OnDemand WTP Pricing Research

Pricing Strategy of HubSpot: The Inventor of ‘Inbound Marketing’ | Pratham Mantri

Pricing is the center of any business. It is everything you do from your copy writing and marketing to your product and support works to drive people to your pricing page and justify the number you’re charging.

Pricing isn’t hard, it’s a process. Let us walk through the SaaS pricing pages of one of the biggest SaaS companies to see how pricing has been influential to their success.

First up, we have the marketing automation behemoth that’s considered to be one of the fastest growing SaaS company in the world right now: HubSpot. This orange machine practically invented the concept of “Inbound marketing” and sells a software platform that helps you do everything from manage and track your SEO traffic to create workflows and drip campaigns for your leads. They have some of the best SaaS pricing out there for their price level.

Let’s review HubSpot’s pricing strategy:

The pricing challenges HubSpot faces

HubSpot’s software is a platform that allows you to do a multitude of things, from manage your content to track and manage your marketing funnel. It essentially pieces together everything you need to manage your non-paid marketing.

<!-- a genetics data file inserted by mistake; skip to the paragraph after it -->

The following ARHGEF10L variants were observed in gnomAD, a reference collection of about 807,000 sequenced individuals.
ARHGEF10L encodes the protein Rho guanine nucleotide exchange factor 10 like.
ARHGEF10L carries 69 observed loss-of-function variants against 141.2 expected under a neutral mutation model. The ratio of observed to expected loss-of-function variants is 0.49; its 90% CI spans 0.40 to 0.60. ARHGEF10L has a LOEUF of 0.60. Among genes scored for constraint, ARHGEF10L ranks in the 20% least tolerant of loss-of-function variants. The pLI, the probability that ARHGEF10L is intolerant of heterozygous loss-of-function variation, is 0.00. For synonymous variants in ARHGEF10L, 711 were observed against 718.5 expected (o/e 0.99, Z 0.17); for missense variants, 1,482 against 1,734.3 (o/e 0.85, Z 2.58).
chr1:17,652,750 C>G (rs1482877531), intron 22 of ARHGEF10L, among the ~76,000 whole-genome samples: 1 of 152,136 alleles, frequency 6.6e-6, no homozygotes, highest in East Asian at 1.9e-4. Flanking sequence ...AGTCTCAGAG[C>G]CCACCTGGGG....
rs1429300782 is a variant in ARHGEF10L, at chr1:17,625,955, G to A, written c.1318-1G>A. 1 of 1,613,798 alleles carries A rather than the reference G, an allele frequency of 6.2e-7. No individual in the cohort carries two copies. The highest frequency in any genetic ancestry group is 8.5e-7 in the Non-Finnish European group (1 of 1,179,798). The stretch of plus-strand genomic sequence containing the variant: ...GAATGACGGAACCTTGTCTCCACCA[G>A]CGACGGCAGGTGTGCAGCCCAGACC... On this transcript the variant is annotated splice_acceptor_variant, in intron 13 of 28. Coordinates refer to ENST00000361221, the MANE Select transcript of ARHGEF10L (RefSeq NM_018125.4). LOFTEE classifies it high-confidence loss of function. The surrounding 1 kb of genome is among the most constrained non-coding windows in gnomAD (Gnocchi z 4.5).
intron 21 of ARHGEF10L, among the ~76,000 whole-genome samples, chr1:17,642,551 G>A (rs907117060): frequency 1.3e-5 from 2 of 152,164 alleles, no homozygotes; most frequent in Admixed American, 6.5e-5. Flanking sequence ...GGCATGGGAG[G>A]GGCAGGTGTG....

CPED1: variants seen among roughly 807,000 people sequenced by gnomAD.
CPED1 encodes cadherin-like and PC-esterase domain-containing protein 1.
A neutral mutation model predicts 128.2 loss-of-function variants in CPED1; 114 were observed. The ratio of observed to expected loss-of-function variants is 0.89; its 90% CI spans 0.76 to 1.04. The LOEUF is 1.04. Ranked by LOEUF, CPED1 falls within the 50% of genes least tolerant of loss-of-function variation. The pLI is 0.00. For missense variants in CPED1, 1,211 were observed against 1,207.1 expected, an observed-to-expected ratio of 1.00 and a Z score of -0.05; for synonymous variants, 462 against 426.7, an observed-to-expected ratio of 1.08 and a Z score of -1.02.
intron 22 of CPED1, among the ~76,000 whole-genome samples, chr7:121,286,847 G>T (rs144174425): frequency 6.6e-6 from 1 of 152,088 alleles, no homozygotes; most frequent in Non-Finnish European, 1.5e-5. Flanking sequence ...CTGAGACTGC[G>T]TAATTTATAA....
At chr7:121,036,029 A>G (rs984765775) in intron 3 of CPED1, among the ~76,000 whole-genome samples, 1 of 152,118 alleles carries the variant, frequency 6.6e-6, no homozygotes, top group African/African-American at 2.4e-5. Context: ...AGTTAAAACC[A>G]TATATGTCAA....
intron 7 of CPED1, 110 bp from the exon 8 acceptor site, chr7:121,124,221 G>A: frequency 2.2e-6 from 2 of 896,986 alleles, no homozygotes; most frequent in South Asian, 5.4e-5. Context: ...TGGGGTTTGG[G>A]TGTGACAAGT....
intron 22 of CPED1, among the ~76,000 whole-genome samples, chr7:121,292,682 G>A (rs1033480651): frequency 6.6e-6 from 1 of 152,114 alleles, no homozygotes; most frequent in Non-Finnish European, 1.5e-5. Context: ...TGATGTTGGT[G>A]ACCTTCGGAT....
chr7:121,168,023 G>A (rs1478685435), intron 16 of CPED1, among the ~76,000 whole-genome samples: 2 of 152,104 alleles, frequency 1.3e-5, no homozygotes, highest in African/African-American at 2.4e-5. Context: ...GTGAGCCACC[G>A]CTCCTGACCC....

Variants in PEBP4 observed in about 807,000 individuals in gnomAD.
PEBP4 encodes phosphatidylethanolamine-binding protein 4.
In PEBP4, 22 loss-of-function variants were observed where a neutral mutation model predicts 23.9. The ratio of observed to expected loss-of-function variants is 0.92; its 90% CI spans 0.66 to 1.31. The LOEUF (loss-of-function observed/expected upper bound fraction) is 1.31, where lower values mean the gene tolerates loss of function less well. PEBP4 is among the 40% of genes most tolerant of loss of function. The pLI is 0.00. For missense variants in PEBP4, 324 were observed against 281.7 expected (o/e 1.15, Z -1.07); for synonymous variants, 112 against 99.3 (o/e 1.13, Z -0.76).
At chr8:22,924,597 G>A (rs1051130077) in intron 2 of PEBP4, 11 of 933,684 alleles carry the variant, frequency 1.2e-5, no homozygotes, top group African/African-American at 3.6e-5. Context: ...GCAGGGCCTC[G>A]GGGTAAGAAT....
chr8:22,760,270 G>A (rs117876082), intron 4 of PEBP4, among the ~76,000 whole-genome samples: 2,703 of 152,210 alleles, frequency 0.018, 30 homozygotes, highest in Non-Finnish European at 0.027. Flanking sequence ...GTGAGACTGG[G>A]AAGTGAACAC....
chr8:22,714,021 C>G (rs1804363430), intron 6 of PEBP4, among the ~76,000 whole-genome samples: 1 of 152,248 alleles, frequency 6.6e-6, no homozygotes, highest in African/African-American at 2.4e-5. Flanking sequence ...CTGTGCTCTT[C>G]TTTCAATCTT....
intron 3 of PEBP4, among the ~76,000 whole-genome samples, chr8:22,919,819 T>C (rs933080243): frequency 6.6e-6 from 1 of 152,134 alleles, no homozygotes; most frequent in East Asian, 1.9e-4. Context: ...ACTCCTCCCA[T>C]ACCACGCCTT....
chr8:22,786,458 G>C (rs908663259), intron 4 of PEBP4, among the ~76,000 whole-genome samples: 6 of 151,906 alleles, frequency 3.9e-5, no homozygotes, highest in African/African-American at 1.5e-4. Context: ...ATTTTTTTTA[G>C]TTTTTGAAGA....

The very nature of this type of product presents an interesting set of problems when formulating a pricing strategy.

  1. Takes a long time to get value: The product’s time to value ratio is exceptionally large, meaning you can’t just buy an instance, install, and immediately start seeing results – someone or a group of people need to be using HubSpot pretty aggressively to start seeing dividends. Pricing Implication: Having a sales person free sale in this instance is hard, because you have to sell the vision, not just the features. That makes pricing complicated, because for a sales person laden sale you need a high value MRR – a tough chicken or the egg problem.
  2. Not one specific buyer: Although HubSpot defines their buyer personas in exceptional detail, the open ended nature of the product means that practically any company interested in marketing is technically a potential buyer. Pricing Implication: There’s always a good group willing to pay much more and there’s a good group not willing to pay as much. Additionally, picking the right customer personas is an awful game if done by guess and check. Remember – buyer personas are one of the central tenets to proper pricing.
  3. Marketers can be finicky: Marketers are not the easiest to please. This means they don’t want to pay as much and they want as close to guaranteed success as possible to get the proper ROI. HubSpot grew through a process of needing to train the market in an era where database marketers were still dominating. Pricing implication: “Training” a market costs big bucks to make sure you have a loud mouthpiece. It also makes packaging exceptionally hard, because once someone knows how to use a tool or fill their funnel with a process, they aren’t always ready to move somewhere else.

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Pricing Strategy of HubSpot: The Inventor of ‘Inbound Marketing’ | LinkedIn.